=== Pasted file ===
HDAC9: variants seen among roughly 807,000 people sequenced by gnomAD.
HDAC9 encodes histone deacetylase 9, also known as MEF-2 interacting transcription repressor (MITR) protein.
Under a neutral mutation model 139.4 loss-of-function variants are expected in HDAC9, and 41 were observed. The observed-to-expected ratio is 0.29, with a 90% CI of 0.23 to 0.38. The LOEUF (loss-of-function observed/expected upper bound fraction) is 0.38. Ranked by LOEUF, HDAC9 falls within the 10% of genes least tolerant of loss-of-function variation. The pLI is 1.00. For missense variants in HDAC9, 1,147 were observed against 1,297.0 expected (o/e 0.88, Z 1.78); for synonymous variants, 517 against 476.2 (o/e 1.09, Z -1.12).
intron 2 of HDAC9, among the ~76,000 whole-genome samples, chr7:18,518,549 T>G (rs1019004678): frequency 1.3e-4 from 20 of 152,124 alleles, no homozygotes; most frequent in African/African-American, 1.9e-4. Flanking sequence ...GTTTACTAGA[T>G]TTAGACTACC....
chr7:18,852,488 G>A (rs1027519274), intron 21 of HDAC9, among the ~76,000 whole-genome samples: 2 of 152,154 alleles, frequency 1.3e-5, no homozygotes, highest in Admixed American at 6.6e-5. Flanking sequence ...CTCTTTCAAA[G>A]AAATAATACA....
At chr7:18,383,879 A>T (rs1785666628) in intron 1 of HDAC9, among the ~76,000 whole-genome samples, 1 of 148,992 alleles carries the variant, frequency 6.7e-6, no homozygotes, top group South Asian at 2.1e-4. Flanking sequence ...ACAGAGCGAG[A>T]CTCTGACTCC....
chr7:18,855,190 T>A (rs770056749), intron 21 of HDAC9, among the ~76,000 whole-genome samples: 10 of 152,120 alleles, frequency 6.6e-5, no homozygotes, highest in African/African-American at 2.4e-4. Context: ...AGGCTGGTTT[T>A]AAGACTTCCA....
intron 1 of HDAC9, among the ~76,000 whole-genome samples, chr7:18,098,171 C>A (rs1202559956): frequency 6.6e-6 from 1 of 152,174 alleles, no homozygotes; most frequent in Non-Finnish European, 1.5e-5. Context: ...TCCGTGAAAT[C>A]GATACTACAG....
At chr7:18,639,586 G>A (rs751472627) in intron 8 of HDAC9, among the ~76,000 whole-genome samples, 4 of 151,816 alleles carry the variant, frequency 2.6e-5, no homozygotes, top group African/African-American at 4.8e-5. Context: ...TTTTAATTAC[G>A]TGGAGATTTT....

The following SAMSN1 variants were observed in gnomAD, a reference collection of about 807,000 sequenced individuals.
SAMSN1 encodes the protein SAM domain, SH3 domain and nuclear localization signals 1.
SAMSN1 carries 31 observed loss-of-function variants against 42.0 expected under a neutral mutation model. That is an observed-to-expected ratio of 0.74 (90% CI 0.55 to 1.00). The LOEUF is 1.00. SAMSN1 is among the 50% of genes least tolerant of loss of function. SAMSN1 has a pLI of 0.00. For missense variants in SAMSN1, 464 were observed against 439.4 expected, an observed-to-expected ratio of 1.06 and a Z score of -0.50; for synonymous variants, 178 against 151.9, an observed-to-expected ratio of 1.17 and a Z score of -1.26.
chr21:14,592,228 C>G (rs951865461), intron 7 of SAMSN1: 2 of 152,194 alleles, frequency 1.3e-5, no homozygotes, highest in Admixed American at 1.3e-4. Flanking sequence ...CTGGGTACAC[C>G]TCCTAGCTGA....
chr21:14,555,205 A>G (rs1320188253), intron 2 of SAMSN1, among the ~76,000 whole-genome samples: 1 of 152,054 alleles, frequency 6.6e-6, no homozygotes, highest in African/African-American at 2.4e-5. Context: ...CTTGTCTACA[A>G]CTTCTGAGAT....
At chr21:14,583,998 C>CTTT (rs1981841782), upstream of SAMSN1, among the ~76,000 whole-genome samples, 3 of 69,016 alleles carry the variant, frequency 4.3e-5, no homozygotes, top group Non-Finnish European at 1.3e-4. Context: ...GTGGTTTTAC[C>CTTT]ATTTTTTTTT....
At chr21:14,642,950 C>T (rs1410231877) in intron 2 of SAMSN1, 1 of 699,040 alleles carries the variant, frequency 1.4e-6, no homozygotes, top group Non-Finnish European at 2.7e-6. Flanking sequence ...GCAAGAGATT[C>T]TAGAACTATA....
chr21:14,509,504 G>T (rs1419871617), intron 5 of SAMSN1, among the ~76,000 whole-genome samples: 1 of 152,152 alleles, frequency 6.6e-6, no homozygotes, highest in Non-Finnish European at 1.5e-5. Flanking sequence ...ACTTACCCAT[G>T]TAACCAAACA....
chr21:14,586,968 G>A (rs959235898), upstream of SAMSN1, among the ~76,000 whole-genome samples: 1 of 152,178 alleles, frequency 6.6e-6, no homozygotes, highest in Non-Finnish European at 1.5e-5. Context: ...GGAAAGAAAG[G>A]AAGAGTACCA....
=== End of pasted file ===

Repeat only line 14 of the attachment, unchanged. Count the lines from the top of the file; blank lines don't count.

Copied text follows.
chr21:14,555,205 A>G (rs1320188253), intron 2 of SAMSN1, among the ~76,000 whole-genome samples: 1 of 152,054 alleles, frequency 6.6e-6, no homozygotes, highest in African/African-American at 2.4e-5. Context: ...CTTGTCTACA[A>G]CTTCTGAGAT....